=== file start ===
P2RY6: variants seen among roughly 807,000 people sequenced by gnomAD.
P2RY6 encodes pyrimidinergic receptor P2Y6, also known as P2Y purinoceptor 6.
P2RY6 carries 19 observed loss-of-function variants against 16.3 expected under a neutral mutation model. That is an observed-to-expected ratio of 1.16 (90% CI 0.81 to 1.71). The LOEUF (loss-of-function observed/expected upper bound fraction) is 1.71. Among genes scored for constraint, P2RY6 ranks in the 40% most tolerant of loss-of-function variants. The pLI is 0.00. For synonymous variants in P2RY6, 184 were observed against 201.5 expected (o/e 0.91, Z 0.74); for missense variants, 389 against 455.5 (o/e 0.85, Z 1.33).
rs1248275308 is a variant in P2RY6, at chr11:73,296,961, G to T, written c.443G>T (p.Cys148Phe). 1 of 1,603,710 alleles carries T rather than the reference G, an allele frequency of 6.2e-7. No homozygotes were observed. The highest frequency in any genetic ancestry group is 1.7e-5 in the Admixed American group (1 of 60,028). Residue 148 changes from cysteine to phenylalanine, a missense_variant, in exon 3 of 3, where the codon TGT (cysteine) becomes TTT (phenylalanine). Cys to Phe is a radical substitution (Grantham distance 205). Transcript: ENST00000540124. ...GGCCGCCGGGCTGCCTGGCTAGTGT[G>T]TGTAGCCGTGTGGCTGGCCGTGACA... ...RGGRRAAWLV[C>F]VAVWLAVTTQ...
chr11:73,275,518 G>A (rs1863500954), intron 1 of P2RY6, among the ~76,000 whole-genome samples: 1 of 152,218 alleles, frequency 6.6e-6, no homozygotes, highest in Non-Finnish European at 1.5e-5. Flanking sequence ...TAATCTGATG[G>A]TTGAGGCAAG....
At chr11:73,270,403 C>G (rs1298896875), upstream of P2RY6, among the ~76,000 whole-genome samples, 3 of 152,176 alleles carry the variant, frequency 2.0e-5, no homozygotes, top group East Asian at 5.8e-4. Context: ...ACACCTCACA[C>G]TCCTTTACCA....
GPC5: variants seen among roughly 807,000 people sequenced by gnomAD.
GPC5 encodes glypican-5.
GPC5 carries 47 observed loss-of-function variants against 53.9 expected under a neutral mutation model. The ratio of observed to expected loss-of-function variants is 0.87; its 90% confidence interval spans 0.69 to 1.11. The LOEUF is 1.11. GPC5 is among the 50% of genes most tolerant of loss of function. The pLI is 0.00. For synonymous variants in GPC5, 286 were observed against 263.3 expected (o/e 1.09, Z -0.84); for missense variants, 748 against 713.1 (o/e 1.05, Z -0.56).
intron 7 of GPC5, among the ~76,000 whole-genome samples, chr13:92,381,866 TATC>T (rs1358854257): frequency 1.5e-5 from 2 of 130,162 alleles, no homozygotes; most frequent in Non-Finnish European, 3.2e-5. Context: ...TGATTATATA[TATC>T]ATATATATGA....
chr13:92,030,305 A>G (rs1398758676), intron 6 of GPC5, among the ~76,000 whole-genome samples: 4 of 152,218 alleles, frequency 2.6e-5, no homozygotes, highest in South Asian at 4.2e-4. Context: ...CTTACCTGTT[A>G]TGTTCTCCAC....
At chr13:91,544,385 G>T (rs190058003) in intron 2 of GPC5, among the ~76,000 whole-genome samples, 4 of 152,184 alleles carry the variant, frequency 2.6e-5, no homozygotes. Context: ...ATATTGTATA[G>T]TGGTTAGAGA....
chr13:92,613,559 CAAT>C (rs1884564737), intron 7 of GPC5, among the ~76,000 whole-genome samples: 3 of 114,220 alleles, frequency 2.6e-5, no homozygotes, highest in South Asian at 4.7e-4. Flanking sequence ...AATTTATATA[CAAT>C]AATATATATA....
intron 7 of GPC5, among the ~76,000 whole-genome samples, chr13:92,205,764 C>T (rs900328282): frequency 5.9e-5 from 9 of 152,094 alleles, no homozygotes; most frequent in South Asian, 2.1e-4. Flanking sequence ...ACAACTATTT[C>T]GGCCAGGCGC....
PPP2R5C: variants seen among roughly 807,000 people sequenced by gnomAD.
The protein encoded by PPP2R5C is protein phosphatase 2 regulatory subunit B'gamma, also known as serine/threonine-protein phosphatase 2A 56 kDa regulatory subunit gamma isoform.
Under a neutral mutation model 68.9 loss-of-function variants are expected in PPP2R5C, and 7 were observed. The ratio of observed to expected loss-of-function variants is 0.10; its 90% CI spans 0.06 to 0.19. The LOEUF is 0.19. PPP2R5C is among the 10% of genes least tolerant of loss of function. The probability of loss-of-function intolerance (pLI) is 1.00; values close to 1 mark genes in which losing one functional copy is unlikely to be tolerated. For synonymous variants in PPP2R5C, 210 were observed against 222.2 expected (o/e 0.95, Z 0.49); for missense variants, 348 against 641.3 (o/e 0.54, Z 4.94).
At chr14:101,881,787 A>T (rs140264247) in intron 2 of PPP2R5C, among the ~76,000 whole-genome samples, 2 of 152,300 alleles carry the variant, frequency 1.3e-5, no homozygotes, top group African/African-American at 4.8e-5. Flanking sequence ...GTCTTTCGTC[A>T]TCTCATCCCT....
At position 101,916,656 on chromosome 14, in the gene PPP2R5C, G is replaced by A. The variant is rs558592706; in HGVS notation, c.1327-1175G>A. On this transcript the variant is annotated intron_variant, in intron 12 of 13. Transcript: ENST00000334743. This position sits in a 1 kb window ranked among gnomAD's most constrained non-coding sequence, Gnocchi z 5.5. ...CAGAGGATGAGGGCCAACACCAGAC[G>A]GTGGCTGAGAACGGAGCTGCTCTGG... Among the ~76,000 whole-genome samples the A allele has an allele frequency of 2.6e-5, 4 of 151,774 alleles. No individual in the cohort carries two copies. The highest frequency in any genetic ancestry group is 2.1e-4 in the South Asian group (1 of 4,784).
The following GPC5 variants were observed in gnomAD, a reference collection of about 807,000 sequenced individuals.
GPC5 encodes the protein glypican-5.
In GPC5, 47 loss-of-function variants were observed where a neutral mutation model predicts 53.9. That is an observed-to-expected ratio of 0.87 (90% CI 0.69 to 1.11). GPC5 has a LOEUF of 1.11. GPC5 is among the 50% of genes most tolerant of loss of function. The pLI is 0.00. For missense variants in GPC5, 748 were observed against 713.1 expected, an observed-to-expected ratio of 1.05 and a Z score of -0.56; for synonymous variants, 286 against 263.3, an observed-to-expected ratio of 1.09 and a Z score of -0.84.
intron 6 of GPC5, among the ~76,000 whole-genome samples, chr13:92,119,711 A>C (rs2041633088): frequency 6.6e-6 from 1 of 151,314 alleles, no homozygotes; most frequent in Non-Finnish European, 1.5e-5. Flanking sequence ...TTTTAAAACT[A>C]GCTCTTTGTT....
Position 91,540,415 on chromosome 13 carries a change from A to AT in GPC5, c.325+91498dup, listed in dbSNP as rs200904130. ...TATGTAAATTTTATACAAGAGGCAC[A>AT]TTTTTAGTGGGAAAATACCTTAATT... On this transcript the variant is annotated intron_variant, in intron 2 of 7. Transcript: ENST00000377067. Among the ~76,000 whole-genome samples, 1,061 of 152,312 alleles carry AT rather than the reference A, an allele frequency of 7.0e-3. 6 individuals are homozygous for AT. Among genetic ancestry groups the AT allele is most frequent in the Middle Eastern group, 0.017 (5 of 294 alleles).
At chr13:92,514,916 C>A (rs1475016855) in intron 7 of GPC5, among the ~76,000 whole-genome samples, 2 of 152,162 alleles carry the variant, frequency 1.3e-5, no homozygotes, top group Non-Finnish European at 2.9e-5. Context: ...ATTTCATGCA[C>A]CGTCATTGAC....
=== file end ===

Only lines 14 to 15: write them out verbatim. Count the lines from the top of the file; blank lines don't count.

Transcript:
intron 7 of GPC5, among the ~76,000 whole-genome samples, chr13:92,205,764 C>T (rs900328282): frequency 5.9e-5 from 9 of 152,094 alleles, no homozygotes; most frequent in South Asian, 2.1e-4. Flanking sequence ...ACAACTATTT[C>T]GGCCAGGCGC....
PPP2R5C: variants seen among roughly 807,000 people sequenced by gnomAD.